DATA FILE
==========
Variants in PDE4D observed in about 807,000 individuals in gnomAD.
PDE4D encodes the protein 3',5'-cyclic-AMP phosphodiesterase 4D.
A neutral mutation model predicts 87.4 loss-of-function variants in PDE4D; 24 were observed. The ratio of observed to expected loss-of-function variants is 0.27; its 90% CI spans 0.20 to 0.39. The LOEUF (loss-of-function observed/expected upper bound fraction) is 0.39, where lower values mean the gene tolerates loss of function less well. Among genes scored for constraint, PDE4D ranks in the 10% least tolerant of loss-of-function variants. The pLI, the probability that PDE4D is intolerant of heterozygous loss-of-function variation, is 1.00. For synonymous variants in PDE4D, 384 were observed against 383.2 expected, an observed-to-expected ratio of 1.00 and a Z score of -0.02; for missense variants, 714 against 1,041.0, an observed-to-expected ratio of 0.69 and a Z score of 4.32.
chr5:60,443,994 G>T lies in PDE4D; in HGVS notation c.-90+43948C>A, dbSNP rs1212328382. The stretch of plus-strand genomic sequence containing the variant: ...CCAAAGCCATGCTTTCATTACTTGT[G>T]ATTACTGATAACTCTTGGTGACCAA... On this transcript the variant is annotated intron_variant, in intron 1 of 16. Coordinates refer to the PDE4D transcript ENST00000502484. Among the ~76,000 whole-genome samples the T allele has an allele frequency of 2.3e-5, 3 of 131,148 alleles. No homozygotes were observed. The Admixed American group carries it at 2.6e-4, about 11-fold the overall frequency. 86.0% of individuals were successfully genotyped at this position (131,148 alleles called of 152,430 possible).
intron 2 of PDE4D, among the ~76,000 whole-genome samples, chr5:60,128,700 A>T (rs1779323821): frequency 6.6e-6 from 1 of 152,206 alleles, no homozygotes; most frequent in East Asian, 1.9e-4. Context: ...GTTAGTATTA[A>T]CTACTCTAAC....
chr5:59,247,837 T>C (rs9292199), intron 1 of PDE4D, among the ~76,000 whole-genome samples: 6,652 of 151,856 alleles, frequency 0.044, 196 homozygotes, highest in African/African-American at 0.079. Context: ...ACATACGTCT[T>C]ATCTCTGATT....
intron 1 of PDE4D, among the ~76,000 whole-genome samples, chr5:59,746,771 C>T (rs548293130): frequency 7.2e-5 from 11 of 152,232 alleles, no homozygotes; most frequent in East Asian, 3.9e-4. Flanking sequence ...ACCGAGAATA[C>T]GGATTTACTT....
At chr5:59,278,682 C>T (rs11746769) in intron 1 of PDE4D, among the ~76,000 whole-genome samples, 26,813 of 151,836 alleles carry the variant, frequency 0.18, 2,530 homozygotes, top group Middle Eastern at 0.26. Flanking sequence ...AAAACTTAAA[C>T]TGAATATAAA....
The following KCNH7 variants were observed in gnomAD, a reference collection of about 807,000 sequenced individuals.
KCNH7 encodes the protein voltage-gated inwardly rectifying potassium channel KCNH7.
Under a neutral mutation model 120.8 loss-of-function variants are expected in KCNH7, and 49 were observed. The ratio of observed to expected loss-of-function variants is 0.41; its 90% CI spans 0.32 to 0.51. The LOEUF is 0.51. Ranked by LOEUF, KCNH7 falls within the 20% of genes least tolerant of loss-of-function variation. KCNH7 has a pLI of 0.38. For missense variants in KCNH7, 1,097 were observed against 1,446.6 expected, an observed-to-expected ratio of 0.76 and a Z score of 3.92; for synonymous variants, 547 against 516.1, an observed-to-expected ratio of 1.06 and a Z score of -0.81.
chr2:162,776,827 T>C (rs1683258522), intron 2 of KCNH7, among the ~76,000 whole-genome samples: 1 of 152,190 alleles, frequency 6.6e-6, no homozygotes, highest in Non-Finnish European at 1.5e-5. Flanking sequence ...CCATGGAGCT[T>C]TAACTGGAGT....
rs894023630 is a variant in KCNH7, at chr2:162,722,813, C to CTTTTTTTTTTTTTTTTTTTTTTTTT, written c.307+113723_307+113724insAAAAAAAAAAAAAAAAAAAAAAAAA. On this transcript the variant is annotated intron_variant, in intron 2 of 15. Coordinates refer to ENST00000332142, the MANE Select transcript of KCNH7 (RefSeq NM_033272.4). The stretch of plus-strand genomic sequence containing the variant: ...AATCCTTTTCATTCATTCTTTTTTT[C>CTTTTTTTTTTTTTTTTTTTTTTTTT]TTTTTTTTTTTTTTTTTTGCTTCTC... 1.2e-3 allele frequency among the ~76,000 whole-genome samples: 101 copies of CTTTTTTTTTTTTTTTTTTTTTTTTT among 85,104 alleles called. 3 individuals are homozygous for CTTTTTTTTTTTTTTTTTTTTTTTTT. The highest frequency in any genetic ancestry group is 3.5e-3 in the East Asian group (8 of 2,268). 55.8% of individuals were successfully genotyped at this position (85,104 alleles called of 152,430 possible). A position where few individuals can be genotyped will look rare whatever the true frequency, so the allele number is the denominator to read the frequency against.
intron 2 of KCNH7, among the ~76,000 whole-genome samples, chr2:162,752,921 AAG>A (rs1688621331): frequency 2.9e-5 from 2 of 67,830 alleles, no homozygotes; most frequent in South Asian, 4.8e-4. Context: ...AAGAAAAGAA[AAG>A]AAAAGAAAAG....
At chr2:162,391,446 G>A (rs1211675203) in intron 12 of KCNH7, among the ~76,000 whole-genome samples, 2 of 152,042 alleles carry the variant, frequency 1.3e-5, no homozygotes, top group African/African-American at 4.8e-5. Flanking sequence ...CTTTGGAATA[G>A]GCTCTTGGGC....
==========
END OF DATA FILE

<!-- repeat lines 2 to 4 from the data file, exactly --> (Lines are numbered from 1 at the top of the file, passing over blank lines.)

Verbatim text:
PDE4D encodes the protein 3',5'-cyclic-AMP phosphodiesterase 4D.
A neutral mutation model predicts 87.4 loss-of-function variants in PDE4D; 24 were observed. The ratio of observed to expected loss-of-function variants is 0.27; its 90% CI spans 0.20 to 0.39. The LOEUF (loss-of-function observed/expected upper bound fraction) is 0.39, where lower values mean the gene tolerates loss of function less well. Among genes scored for constraint, PDE4D ranks in the 10% least tolerant of loss-of-function variants. The pLI, the probability that PDE4D is intolerant of heterozygous loss-of-function variation, is 1.00. For synonymous variants in PDE4D, 384 were observed against 383.2 expected, an observed-to-expected ratio of 1.00 and a Z score of -0.02; for missense variants, 714 against 1,041.0, an observed-to-expected ratio of 0.69 and a Z score of 4.32.
chr5:60,443,994 G>T lies in PDE4D; in HGVS notation c.-90+43948C>A, dbSNP rs1212328382. The stretch of plus-strand genomic sequence containing the variant: ...CCAAAGCCATGCTTTCATTACTTGT[G>T]ATTACTGATAACTCTTGGTGACCAA... On this transcript the variant is annotated intron_variant, in intron 1 of 16. Coordinates refer to the PDE4D transcript ENST00000502484. Among the ~76,000 whole-genome samples the T allele has an allele frequency of 2.3e-5, 3 of 131,148 alleles. No homozygotes were observed. The Admixed American group carries it at 2.6e-4, about 11-fold the overall frequency. 86.0% of individuals were successfully genotyped at this position (131,148 alleles called of 152,430 possible).